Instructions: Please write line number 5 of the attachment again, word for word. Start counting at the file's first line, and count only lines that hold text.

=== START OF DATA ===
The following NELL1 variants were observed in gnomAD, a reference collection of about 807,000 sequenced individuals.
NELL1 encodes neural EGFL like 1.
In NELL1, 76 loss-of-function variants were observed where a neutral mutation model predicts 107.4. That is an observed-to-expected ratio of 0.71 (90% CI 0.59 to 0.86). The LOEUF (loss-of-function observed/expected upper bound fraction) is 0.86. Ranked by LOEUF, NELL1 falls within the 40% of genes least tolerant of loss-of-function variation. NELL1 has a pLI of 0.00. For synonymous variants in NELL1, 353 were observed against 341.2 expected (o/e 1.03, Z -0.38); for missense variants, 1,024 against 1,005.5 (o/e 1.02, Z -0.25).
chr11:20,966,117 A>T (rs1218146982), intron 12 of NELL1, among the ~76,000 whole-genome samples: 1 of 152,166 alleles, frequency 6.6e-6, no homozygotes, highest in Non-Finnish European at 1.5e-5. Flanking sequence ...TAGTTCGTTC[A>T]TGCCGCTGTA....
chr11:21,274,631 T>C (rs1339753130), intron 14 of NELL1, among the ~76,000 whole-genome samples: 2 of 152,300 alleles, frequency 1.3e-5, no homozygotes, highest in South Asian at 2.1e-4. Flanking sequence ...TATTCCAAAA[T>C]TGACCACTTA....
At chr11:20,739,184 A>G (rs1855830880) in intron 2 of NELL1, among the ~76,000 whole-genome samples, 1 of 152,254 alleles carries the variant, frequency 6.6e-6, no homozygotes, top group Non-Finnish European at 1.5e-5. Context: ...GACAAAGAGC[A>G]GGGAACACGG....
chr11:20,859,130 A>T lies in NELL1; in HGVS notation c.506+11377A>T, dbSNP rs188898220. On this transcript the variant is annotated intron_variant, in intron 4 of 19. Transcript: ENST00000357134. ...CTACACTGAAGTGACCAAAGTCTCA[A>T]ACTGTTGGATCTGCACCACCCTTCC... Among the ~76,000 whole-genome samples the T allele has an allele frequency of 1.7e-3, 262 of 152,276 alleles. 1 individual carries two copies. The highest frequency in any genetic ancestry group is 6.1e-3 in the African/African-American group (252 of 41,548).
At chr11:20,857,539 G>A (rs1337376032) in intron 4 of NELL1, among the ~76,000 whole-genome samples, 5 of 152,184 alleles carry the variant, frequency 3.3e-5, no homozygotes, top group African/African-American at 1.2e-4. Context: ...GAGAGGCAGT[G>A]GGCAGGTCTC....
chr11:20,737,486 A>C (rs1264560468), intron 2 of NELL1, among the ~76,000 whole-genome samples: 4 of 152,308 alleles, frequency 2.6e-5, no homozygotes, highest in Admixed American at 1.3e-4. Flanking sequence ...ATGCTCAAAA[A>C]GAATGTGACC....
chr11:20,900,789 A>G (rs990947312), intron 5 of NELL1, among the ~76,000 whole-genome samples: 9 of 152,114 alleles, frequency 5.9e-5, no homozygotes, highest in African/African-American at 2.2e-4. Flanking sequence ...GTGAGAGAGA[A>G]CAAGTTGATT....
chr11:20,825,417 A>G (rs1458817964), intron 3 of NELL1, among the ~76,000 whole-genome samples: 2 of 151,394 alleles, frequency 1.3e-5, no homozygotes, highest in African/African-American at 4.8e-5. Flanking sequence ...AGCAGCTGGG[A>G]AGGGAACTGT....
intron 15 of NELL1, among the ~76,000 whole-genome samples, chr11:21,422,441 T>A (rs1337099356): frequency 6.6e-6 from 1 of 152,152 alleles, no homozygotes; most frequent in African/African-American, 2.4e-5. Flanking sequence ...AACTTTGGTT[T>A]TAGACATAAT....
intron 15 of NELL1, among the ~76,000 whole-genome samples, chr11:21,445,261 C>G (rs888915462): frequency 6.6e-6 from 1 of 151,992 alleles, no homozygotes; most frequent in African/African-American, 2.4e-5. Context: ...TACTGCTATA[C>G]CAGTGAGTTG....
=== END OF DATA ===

chr11:21,274,631 T>C (rs1339753130), intron 14 of NELL1, among the ~76,000 whole-genome samples: 2 of 152,300 alleles, frequency 1.3e-5, no homozygotes, highest in South Asian at 2.1e-4. Flanking sequence ...TATTCCAAAA[T>C]TGACCACTTA....